While Iranian and American officials are negotiating over the nuclear issue, the US Congress is pushing for new sanctions legislation. Even before it is finalized, drafts of the “Nuclear Weapon Free Iran Act of 2015,” co-sponsored by Senators Bob Menendez (D-NJ) and Mark Kirk (R-IL), are in circulation. The latest draft calls for new sanctions that would be “triggered by violations by Iran of any interim or final agreement regarding its nuclear program, failure to reach a final agreement in a discernible time frame, or the breach of other conditions...”
This threat of potential new sanctions has sparked an intense public debate between Republican and pro-sanctions Democratic Senators on one side and the Obama administration on the other. Even Conservative British Prime Minister David Cameron sided with Democratic President Obama in opposing the bill in a joint press conference. Although the bill is likely to achieve a filibuster-proof 60-vote majority in the Senate, Obama has already threatened to veto it. Less clear is whether the bill can muster 67 Senators to override the President’s veto.
The common wisdom among observers who favor diplomacy is that the White House is the faithful party seeking a deal, and that if only these recalcitrant Congressional hawks would step aside, Secretary of State John Kerry and his fellow negotiators could strike a fair deal with Iran. They also argue that if this bill, which only imposes sanctions if a deal is not struck or if Iran breaks its obligations, passes, Iran may walk away, increasing the likelihood of a war. The truth is more complicated than simply “bad Congress, good White House.”
First, this bill was originally introduced in the fall of 2013 when negotiations began in Geneva, leading to the Joint Plan of Action (JPOA). After it became clear that Iran was making good on its concessions, the bill died out. It was reintroduced again in the winter of 2014 when negotiations restarted, leading to another round of major concessions from Iran in return for the release of some of its own assets like in the first round. Now, for the third time, the bill is being introduced right when negotiations have commenced in Geneva focused on concluding a “comprehensive” deal.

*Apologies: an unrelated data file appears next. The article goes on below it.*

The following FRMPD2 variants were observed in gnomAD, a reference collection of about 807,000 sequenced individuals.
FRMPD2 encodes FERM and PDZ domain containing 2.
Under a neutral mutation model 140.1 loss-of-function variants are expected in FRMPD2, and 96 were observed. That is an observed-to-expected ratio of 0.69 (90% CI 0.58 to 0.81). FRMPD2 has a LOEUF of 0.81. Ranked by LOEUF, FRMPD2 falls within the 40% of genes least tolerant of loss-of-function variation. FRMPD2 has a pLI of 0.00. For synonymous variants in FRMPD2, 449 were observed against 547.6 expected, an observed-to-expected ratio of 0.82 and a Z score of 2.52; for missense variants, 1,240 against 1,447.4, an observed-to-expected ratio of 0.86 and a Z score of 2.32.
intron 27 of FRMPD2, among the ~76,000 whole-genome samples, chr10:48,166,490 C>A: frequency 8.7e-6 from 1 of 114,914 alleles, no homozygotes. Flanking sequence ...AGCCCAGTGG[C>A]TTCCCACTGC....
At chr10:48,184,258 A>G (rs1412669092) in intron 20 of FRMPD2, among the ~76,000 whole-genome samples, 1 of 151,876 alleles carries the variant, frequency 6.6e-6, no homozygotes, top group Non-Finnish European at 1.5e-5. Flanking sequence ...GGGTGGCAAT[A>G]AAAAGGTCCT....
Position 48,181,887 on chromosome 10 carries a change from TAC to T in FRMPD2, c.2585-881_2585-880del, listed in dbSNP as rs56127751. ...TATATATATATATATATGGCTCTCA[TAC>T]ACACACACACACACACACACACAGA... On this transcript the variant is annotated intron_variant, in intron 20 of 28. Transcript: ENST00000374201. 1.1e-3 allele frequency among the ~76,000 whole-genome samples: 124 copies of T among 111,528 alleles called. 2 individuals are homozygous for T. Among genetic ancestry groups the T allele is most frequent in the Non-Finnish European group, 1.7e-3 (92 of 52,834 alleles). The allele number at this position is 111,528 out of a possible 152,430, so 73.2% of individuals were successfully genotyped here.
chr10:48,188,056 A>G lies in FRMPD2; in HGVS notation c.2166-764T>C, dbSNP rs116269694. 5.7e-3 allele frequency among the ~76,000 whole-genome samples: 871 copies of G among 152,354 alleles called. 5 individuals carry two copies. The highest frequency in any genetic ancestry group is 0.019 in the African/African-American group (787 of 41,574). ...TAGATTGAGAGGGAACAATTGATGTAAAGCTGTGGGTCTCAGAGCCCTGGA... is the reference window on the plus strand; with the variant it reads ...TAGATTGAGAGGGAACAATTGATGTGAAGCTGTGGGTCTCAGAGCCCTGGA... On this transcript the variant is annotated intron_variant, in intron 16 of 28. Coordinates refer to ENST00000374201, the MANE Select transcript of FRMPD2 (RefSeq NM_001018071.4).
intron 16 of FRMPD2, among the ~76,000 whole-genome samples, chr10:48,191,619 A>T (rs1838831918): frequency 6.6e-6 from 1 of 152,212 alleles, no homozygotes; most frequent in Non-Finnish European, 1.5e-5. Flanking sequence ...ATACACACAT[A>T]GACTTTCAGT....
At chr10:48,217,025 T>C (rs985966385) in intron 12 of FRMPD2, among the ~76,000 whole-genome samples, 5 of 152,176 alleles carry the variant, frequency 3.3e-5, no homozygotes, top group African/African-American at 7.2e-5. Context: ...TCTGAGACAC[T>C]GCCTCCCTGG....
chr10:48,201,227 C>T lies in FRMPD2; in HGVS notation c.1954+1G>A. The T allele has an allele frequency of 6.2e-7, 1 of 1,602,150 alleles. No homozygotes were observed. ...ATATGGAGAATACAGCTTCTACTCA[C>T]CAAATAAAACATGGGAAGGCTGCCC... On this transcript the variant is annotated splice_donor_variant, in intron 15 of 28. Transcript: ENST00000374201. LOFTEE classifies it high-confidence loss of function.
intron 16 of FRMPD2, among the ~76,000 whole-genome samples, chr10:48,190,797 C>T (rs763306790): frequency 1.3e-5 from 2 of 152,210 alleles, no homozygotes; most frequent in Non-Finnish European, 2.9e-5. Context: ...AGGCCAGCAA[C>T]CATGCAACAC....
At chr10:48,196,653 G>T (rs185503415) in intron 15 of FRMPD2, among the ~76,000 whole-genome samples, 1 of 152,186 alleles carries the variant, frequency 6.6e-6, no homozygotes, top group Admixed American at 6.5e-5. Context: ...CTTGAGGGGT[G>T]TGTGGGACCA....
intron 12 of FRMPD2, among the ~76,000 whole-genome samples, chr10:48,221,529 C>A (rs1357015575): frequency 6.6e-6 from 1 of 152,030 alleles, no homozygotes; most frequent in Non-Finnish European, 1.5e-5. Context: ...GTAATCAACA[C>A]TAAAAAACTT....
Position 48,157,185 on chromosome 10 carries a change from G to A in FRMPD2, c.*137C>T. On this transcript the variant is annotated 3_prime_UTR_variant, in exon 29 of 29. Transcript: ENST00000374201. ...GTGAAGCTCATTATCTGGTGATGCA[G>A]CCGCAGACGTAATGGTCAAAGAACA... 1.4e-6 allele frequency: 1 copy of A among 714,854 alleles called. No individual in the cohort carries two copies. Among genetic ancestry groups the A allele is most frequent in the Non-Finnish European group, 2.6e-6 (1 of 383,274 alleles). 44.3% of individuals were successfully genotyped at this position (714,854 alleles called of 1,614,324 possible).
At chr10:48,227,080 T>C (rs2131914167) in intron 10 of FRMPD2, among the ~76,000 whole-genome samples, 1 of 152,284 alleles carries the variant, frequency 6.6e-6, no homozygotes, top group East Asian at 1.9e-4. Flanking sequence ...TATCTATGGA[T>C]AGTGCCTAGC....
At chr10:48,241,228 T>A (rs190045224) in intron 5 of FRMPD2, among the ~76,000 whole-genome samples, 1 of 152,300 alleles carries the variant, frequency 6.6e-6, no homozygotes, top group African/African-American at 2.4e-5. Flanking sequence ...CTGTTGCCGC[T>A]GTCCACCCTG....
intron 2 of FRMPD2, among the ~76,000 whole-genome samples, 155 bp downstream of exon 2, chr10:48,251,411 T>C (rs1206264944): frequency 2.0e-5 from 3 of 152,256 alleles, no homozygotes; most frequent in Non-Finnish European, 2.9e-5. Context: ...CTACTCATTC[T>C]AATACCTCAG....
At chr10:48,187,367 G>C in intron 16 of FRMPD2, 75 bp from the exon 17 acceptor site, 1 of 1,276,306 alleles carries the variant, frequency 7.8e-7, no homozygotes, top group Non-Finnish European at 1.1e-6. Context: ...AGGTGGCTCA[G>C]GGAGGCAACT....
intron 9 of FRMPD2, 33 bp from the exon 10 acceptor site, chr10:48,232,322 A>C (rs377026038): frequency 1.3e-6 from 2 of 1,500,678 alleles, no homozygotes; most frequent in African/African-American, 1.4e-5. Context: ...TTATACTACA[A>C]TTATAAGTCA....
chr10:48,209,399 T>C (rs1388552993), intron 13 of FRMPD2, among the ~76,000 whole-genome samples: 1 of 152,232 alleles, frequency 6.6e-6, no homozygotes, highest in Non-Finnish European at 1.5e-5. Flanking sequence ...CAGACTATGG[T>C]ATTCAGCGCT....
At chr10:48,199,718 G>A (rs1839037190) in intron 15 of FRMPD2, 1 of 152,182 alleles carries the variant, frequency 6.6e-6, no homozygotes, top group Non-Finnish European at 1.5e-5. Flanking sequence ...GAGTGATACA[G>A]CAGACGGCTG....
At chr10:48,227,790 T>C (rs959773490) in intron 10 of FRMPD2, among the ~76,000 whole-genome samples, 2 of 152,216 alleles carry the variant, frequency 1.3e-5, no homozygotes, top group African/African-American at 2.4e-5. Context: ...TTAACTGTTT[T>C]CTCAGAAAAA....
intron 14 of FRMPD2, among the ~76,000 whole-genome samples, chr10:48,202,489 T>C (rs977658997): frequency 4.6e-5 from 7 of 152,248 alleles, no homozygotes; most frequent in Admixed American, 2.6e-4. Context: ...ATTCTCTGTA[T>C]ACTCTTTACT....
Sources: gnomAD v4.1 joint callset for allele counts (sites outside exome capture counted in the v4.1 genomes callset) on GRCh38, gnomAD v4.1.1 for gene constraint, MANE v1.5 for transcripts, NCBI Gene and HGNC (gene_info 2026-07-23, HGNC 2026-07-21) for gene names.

The Congress wants these negotiations to extract and implement the maximum possible concessions. The White House, which has dragged its feet for so long to conclude a deal, is using the bill and its veto to convince Tehran of its good faith. President Obama needs Ayatollah Khamenei's trust to gain deeper concessions required for a comprehensive deal. When the P5+1 agreed to the JPOA, they promised to “maintain a constructive atmosphere for negotiations in good faith.” It is now doubtful that 5+1 will keep its promise when Iran is suffering from economic woes, sanctions and falling oil prices.
Iran is a signatory to the Nuclear Non Proliferation Treaty (NPT), which outlines its rights and obligations as a non-weapons state. However, the concessions being demanded of Iran go well beyond the NPT’s framework and even beyond the framework of the Additional Protocol, a program that strengthens and extends safeguards. In fact, the US and its negotiating partners are demanding that Iran ship its stockpiles of low enriched uranium to Russia for conversion to fuel rods. Iran’s past nuclear behavior is said to justify these extra-NPT demands. The negotiations so far seem to have failed to establish any trust.
Even the country’s ballistic missiles, which Iran insists are necessary for defensive purposes, have emerged as a significant issue, with the administration demanding that they be addressed at the negotiating table. This is said to have been required by the UN Resolutions, which Iran considers “illegal.” Ostensibly preventing Iran from “ever” and “under any circumstances” (the language used in the preamble to the JPOA) producing or seeking a nuclear weapon is now being used as a stepping stone to turn Iran into an impotent regional player.
The American Iranian Council, which has opposed all Iran sanctions since its founding, remains opposed to the Menendez-Kirk bill. We are also concerned that a resolution to the nuclear dispute is pushing Iran further into the Russian orbit, and stripping it of its defensive capability. A weaker Iran is not in the best interest of the US or the region. Thus, observers should not delude themselves into believing that just because the administration is against an unfair bill, that it is by default for a fair nuclear deal and a lasting improvement in US-Iran relations.
Rather, we call on the negotiating parties to engage in good faith, work hard to build trust, and take a long view of the “comprehensive“ deal that they might reach. In tandem with these requirements, verification must be built into a fair deal that affords Iran its rights as an NPT signatory in the context of its obligations.This can be achieved by demanding full transparency and a stringent safeguards regime to ensure that enriched uranium is only directed toward civilian purposes. The Council believes that this path can lead to a fair and lasting nuclear deal.
-The American Iranian Council